A motorhome or motorcaravan offer the best in luxury and space. Generally fitted with everything one needs, including a shower and toilet. With a motorhome you are self sufficient and can do without campsites.
Choosing a motorhome
There are many to choose from, many are expensive, but there are some bargains also (see below). Most motorhomes are bought by wealthy retired couples who spend their time cruising around Europe. Initially costing at least £25,000 – £60,000, a motorhome will devalue fairly slowly, as long as it is maintained.
Older motorhomes, such as models 10 years old or more, can be bought more cheaply, and are a great option if you intend to spend a lot of time living in it. If you have mechanical skills you can buy an older model with higher miles, which the owner or dealer is likely to have trouble selling. Once you give the motorhome a good service, correct and problems with it, and source some essential spares to carry with you (radiator hoses, engine belts, etc.) you can have a bargain motorhome ready for the road. Older Hymer models, for examples, can be bought for £6,000. If 4 people are sharing the vehicle, this makes it good value. When you sell the vehicle you should get most of your money back.
If you don’t care what the vehicle looks like you can find even better value motorhomes. Many older motorhomes have repair patches to stop leaks, or where accidents have happened, or perhaps are faded. These motorhomes are not in demand and can be bought for as little as £2,000. You’ll need to be confident you can repair or maintain the vehicle yourself to make it cost effective, but these types of motorhome can be a real bargain to travel in.
Buying a motorhome
Unless you have experience of motorhomes, or are confident with vehicles and mechanics, and have some caravan or camper van experience, it is much better to buy a motorhome from a dealer. Motorhome dealers normally have lots of models to choose from, they know what they are talking about, and will have fixed any problems with the motorhome and will probably give it a full MOT.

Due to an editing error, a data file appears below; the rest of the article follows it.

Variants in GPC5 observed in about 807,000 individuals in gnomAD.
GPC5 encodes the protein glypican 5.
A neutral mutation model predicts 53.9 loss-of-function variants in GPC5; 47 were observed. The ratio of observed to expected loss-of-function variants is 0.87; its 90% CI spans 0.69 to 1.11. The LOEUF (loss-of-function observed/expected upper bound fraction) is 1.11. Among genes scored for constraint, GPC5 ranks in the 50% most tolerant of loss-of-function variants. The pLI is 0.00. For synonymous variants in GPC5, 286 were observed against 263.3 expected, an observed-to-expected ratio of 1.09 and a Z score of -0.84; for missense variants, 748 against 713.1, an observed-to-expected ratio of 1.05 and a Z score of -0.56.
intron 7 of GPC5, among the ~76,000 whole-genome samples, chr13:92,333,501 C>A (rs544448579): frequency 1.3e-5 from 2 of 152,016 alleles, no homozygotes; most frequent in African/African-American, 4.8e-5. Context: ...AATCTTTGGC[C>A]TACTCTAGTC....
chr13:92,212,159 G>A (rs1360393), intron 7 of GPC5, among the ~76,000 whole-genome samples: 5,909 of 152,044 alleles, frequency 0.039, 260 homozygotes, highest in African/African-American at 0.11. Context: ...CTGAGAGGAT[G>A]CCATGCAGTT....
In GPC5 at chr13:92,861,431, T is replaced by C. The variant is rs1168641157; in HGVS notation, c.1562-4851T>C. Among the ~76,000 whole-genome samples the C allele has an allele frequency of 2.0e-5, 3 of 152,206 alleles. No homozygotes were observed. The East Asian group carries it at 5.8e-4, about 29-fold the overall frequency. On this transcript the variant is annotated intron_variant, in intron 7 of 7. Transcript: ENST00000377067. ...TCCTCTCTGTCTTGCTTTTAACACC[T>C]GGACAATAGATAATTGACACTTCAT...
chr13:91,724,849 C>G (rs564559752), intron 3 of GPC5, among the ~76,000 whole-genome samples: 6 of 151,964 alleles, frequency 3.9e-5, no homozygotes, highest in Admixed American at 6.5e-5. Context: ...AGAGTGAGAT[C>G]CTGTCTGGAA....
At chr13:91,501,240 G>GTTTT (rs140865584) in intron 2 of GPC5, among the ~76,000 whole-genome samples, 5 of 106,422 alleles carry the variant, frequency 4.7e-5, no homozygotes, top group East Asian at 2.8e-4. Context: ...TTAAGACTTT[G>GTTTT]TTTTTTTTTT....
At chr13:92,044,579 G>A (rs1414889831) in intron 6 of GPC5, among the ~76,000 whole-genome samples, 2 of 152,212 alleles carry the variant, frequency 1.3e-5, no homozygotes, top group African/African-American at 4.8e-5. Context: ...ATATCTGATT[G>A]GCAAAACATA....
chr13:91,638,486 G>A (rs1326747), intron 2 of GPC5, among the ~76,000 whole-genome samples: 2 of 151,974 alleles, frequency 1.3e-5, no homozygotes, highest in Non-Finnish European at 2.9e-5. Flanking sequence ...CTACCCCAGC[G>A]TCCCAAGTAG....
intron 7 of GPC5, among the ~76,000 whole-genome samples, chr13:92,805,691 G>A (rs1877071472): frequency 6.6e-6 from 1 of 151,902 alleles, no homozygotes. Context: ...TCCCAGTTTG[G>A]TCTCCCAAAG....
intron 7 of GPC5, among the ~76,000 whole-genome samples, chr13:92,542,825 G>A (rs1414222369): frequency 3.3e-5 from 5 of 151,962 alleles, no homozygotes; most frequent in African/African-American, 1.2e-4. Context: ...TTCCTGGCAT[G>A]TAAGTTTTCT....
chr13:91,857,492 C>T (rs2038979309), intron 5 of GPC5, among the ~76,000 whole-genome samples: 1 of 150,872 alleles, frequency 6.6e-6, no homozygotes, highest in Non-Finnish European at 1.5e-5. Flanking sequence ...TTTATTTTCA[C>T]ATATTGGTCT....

If you are looking for a bargain motorhome (see above) then try the dealers, some will have old part exchanges they are trying to get rid off, but also try private advertisements. Be prepared to look at lots, and don’t buy the first one you see. You can always go back to it. Buying outside of summer will get you a better deal.
- Ensure everything works before you buy it. Get a discount for everything that doesn’t work. Don’t take the owners word that things do work, repairs can be expensive.
- Check the underside very carefully. Ensure the waters tanks and fuel tank are not leaking.
- Check the outside shell very carefully. Be confident any repairs are good before buying.
- Check the inside shell very carefully. Any discoloured patches on the walls or ceiling suggest a leak. Check the leak has been fixed properly.
- Check all the fixtures and fittings are there and working. If there is no has bottle, get one and try the cooking facilities and fridge. Don’t assume they work.
- Drive it thoroughly. Take it up to cruising speed (60 mph / 100 kph), take it down lanes, take it to a supermarket, park it somewhere difficult. Ensure you can drive it!
Parts can be expensive, but most motorhomes are built using the chassis of a panel van or pickup. Therefore most of the parts are readily available. Any parts that are not from the original vehicle, such as the exhaust, which will be customised for the motorhome, can be expensive and difficult to find.
The interior of motorhomes are built using the same technology and ideas as caravans, so parts and repairs are not normally a problem. A lot of motorhomes are made by caravan builders.
If you buy an expensive motorhome with service history ensure you maintain the service history, or else your vehicle will devalue. If you buy a bargain motorhome ensure you maintain it yourself regularly. Older motorhomes will need lots of love, but will last a long time.
The good and bad of motorhomes
- Lots of space inside
- Sleep many people
- Lots of storage – inside and on the roof
- Self sufficient
- Great for 2 couples or 4+ individuals
- Expensive to buy (some bargains around though)
- Can be expensive to maintain
- Difficult to park
- Target for thieves
- Use lots of fuel – cost effective for large groups of people though